By Laura L. Duke, Bryant Bank Training & Development Director
The end of the year is a time to look back at how successful you’ve been with goals over the past 12 months and come up with new goals for the next year. Do you look forward to this task or dread it? Goal setting is an important activity, but most of us are doing it wrong.
We tend to set goals that are simply not within our control. This may be true when it comes to your business goals related to where you work, and it may be true for you personally.
Business-related goal setting
Organizations and businesses typically want to achieve specific results each year. Sell a million widgets in 2020, or give out $100 million in loans for the year. But to get to these results, there must be goals along the way. This results/goals scenario doesn’t always translate well for the individuals within the company who do the legwork to accomplish the desired outcome.
For example, if a company that manufactures widgets wants to sell a million widgets next year, and they have four regional sales directors, each of those individuals would need to sell 250,000 widgets. But that sales director cannot control everything about how much they sell. The people who will be buying the widgets are in control of that. Instead, this salesperson might make a smaller, achievable, more workable goal to raise awareness for the widget by setting up booths at local stores once a month to demonstrate how the widget works. That should result in selling more widgets.
In the banking industry, a loan officer may want their results to look like giving out $10 million in loans for the year. That is also beyond their control, and such a large number can be paralyzing. This loan officer needs to make smaller goals that will be in his or her control to achieve those results. Examples of appropriate goals might be attending city functions, taking current clients to lunch, or writing a post for the bank’s blog. Again, doing these smaller tasks should result in more loans throughout the year.
It’s important to take the large, overall picture of what results you want and break it down for the individual. One good approach is the SMART method:
The semantics of goal setting
People lose sight of personal business goals and corporate goals and how those should align with overall results. The language used is important. Are the semantics deflating or encouraging?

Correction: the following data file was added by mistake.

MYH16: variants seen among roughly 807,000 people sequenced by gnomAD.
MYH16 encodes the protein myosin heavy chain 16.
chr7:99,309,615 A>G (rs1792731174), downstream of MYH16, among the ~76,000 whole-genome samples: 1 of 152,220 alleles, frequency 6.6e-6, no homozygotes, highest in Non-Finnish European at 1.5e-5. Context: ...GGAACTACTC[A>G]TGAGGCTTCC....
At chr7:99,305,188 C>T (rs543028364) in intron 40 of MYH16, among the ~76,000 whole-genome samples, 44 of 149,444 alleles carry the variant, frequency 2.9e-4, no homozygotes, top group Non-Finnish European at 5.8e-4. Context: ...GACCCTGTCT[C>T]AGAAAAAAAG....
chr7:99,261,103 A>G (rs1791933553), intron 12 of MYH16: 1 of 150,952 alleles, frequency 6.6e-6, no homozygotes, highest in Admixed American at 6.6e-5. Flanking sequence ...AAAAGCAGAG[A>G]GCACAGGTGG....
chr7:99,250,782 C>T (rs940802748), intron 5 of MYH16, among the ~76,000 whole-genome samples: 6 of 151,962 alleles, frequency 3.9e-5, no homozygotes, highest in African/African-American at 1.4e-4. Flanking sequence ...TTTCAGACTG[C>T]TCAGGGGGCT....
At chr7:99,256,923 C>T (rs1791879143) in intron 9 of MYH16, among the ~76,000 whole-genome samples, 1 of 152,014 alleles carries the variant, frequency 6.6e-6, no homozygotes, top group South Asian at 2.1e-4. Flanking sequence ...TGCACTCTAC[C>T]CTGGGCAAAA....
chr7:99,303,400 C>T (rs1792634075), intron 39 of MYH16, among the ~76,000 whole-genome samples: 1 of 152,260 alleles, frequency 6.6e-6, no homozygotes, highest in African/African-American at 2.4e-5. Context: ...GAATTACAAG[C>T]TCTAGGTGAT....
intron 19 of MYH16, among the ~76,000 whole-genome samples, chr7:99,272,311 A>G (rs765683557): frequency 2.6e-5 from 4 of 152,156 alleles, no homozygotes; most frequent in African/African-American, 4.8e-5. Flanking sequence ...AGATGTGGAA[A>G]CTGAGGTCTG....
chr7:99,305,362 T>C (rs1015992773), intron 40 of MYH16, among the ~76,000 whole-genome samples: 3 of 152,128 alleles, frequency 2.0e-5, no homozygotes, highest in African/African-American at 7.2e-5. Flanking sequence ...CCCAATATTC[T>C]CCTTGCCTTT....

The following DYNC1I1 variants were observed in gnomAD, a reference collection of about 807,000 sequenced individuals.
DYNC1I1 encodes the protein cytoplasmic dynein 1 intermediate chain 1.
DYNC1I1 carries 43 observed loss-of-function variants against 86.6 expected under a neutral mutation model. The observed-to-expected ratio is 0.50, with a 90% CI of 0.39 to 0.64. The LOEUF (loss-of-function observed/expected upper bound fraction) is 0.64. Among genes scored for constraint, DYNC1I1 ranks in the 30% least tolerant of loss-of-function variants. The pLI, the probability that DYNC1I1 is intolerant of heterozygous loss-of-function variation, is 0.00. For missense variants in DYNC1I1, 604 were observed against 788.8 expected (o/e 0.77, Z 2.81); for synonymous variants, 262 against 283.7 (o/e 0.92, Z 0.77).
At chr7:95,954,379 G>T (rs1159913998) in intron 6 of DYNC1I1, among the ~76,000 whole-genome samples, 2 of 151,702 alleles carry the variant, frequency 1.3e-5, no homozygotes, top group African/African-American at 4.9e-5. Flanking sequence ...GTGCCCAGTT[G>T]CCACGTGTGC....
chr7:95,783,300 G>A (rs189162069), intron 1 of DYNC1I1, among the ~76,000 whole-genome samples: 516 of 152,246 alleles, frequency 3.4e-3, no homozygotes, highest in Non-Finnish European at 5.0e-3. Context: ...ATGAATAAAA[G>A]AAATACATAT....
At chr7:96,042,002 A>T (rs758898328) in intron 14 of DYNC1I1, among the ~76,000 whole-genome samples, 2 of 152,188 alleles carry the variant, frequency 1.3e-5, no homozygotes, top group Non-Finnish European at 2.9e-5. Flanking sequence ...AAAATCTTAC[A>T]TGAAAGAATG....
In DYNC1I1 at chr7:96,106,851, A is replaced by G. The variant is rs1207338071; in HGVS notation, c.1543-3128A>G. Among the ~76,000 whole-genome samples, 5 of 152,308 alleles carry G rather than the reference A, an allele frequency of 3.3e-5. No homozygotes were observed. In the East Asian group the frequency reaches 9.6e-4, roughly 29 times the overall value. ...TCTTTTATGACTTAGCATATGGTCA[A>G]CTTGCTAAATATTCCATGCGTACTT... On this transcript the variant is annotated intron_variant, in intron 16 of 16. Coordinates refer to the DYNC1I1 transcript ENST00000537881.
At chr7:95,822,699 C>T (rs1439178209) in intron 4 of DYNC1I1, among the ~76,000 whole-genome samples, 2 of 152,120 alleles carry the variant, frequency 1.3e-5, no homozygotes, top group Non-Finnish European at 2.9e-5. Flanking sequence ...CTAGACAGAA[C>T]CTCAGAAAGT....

Talking in terms of selling one million widgets or $10 million in loans can be paralyzing and deflating. It’s hard to even get your arms around those numbers. But if the focus shifts to what is attainable, your entire mindset may change. You set yourself up for success.
As we end 2019, many people are thinking about whether or not they have met their goals for the year and achieved the results they wanted. Year-end reviews can be discouraging if goals weren’t written well in an attainable way.
But how you handle it right now is important. Do you let yourself be deflated, or do you start thinking ahead to next year and how you can be smarter with your goals for 2020? It’s a great pivot point. Think about goals that are specific, measureable, workable, and attainable, even if this means shifting your mindset completely.
Personal goal setting
The same philosophy applies in your personal life as well. SMART goal setting and paying attention to the language you use applies in all areas where you might make personal goals to achieve the results you hope for. Finances are often a big one, and it’s very similar to business goal-setting.
If you want results when it comes to saving more or paying off a larger portion of your mortgage, it’s best not to make really large, possibly unattainable goals. It may be overwhelming to aim for putting $10,000 into savings or paying off your mortgage entirely. But if you break it up into smaller, more attainable goals that you have more control over you will set yourself up for success.
Maybe this means adding an extra $100 to your mortgage payment each month throughout the year, or setting up an automatic transaction to save a certain amount each month. To achieve these goals for the year, you can come up with specific ideas to do weekly and monthly, or maybe even daily. You will be much more likely to achieve these goals, and potentially even surpass them to get the results you want.
When it comes to financial goals, our Bryant Bank bankers will be happy to sit down and talk to you about how you can better achieve your goals in 2020.
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